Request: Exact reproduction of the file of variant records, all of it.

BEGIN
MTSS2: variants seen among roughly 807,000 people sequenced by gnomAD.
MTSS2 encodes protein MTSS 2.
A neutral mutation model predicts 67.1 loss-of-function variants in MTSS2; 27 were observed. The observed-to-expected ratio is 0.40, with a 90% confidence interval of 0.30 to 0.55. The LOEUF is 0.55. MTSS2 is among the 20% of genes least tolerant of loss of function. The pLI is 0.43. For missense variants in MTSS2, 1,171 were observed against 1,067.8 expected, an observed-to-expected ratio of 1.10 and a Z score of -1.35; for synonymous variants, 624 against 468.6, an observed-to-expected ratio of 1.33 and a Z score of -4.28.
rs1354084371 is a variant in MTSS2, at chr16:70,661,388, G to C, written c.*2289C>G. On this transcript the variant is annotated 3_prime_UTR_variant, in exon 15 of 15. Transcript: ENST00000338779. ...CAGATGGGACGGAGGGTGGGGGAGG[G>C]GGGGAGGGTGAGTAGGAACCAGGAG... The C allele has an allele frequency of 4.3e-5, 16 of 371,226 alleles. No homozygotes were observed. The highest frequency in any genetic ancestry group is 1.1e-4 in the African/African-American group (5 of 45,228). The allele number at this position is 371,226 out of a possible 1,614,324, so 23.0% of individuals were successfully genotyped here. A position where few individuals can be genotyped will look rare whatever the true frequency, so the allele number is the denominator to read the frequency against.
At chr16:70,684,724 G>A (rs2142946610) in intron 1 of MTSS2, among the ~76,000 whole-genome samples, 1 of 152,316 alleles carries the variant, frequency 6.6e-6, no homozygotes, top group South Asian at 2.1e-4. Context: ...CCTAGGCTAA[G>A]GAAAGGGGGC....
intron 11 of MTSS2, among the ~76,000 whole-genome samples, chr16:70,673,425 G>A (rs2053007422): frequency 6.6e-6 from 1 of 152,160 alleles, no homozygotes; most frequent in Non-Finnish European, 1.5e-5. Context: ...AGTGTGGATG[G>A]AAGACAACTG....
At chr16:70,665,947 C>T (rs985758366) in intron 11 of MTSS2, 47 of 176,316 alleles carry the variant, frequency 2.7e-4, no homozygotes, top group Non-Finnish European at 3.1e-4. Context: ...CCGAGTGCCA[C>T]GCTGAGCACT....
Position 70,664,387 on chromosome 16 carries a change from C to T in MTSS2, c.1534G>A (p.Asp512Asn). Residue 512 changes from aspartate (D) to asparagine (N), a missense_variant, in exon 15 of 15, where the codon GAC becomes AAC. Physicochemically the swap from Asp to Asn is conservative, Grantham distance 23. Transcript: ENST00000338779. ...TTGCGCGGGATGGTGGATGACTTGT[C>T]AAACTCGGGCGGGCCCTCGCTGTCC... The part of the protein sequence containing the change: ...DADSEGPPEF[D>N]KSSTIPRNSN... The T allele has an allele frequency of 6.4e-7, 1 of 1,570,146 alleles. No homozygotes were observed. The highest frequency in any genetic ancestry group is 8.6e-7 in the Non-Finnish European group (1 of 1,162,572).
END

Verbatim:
MTSS2: variants seen among roughly 807,000 people sequenced by gnomAD.
MTSS2 encodes protein MTSS 2.
A neutral mutation model predicts 67.1 loss-of-function variants in MTSS2; 27 were observed. The observed-to-expected ratio is 0.40, with a 90% confidence interval of 0.30 to 0.55. The LOEUF is 0.55. MTSS2 is among the 20% of genes least tolerant of loss of function. The pLI is 0.43. For missense variants in MTSS2, 1,171 were observed against 1,067.8 expected, an observed-to-expected ratio of 1.10 and a Z score of -1.35; for synonymous variants, 624 against 468.6, an observed-to-expected ratio of 1.33 and a Z score of -4.28.
rs1354084371 is a variant in MTSS2, at chr16:70,661,388, G to C, written c.*2289C>G. On this transcript the variant is annotated 3_prime_UTR_variant, in exon 15 of 15. Transcript: ENST00000338779. ...CAGATGGGACGGAGGGTGGGGGAGG[G>C]GGGGAGGGTGAGTAGGAACCAGGAG... The C allele has an allele frequency of 4.3e-5, 16 of 371,226 alleles. No homozygotes were observed. The highest frequency in any genetic ancestry group is 1.1e-4 in the African/African-American group (5 of 45,228). The allele number at this position is 371,226 out of a possible 1,614,324, so 23.0% of individuals were successfully genotyped here. A position where few individuals can be genotyped will look rare whatever the true frequency, so the allele number is the denominator to read the frequency against.
At chr16:70,684,724 G>A (rs2142946610) in intron 1 of MTSS2, among the ~76,000 whole-genome samples, 1 of 152,316 alleles carries the variant, frequency 6.6e-6, no homozygotes, top group South Asian at 2.1e-4. Context: ...CCTAGGCTAA[G>A]GAAAGGGGGC....
intron 11 of MTSS2, among the ~76,000 whole-genome samples, chr16:70,673,425 G>A (rs2053007422): frequency 6.6e-6 from 1 of 152,160 alleles, no homozygotes; most frequent in Non-Finnish European, 1.5e-5. Context: ...AGTGTGGATG[G>A]AAGACAACTG....
At chr16:70,665,947 C>T (rs985758366) in intron 11 of MTSS2, 47 of 176,316 alleles carry the variant, frequency 2.7e-4, no homozygotes, top group Non-Finnish European at 3.1e-4. Context: ...CCGAGTGCCA[C>T]GCTGAGCACT....
Position 70,664,387 on chromosome 16 carries a change from C to T in MTSS2, c.1534G>A (p.Asp512Asn). Residue 512 changes from aspartate (D) to asparagine (N), a missense_variant, in exon 15 of 15, where the codon GAC becomes AAC. Physicochemically the swap from Asp to Asn is conservative, Grantham distance 23. Transcript: ENST00000338779. ...TTGCGCGGGATGGTGGATGACTTGT[C>T]AAACTCGGGCGGGCCCTCGCTGTCC... The part of the protein sequence containing the change: ...DADSEGPPEF[D>N]KSSTIPRNSN... The T allele has an allele frequency of 6.4e-7, 1 of 1,570,146 alleles. No homozygotes were observed. The highest frequency in any genetic ancestry group is 8.6e-7 in the Non-Finnish European group (1 of 1,162,572).